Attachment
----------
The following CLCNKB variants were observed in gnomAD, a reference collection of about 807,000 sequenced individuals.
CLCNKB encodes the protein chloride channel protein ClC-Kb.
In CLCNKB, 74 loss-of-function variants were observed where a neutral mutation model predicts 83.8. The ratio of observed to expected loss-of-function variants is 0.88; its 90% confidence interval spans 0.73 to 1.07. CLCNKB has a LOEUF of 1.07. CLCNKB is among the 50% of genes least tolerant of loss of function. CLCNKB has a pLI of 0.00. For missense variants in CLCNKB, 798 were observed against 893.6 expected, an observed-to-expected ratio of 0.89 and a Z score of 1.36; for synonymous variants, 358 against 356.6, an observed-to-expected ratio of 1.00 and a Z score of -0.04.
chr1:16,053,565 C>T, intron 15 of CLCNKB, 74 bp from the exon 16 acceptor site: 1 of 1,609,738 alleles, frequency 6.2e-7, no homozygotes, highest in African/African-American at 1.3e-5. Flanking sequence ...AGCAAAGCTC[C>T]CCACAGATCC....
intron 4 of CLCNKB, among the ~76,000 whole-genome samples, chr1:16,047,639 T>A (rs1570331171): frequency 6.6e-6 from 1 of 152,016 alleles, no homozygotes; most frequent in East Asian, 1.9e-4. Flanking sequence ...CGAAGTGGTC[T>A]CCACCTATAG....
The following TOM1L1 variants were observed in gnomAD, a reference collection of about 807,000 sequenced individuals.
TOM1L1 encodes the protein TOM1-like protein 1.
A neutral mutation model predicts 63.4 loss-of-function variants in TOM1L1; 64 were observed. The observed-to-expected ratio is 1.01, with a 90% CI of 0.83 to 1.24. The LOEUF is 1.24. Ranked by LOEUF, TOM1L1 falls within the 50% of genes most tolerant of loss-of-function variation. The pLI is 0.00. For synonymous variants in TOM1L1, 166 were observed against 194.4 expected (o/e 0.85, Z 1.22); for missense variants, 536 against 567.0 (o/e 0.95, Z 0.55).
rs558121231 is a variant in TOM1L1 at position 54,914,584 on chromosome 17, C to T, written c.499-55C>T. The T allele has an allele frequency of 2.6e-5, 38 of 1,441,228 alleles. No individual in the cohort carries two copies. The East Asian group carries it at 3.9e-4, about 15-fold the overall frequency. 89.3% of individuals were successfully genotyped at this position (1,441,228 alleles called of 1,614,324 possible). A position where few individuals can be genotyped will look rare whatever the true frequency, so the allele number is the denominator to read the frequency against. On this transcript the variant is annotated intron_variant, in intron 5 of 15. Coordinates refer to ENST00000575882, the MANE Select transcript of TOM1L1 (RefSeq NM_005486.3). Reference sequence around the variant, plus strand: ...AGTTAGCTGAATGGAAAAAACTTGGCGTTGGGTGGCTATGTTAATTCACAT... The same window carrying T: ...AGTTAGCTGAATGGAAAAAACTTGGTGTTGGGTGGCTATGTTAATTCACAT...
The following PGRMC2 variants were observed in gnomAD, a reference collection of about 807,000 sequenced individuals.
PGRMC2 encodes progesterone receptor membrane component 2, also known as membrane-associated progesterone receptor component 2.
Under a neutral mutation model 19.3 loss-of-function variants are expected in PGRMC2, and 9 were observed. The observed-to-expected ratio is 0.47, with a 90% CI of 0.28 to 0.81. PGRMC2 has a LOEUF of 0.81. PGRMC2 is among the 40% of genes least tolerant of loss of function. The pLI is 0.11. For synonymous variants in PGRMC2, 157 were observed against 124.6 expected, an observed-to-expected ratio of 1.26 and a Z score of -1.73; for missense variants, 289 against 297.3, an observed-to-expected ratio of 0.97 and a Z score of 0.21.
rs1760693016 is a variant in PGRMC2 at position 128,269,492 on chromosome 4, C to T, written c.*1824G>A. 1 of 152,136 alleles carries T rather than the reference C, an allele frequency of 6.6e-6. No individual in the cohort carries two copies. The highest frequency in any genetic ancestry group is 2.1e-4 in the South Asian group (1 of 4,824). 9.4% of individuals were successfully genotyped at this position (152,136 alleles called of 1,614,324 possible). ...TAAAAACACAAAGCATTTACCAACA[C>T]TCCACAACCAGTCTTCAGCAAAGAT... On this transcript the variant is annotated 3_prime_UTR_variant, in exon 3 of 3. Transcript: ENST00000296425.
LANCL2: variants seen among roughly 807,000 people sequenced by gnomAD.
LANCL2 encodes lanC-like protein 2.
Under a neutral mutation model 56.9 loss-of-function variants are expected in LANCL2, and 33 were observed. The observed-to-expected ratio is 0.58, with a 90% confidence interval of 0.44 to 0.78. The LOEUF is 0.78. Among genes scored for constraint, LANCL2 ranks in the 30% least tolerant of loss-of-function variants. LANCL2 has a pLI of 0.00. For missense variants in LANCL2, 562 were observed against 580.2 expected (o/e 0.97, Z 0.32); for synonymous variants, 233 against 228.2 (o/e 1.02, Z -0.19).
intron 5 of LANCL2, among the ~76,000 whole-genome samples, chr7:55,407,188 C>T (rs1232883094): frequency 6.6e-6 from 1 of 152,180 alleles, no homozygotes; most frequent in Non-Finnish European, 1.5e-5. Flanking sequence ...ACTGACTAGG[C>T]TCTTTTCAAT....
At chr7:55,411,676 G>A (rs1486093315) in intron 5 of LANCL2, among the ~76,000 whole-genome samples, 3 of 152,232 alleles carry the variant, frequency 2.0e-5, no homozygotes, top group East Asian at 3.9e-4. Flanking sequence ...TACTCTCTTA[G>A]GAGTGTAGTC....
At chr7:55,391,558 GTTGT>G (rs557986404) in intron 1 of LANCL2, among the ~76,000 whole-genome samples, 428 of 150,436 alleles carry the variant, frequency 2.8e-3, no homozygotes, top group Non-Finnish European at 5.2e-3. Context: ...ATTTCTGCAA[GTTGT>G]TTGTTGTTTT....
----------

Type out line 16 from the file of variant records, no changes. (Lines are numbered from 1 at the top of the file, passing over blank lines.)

Under a neutral mutation model 56.9 loss-of-function variants are expected in LANCL2, and 33 were observed. The observed-to-expected ratio is 0.58, with a 90% confidence interval of 0.44 to 0.78. The LOEUF is 0.78. Among genes scored for constraint, LANCL2 ranks in the 30% least tolerant of loss-of-function variants. LANCL2 has a pLI of 0.00. For missense variants in LANCL2, 562 were observed against 580.2 expected (o/e 0.97, Z 0.32); for synonymous variants, 233 against 228.2 (o/e 1.02, Z -0.19).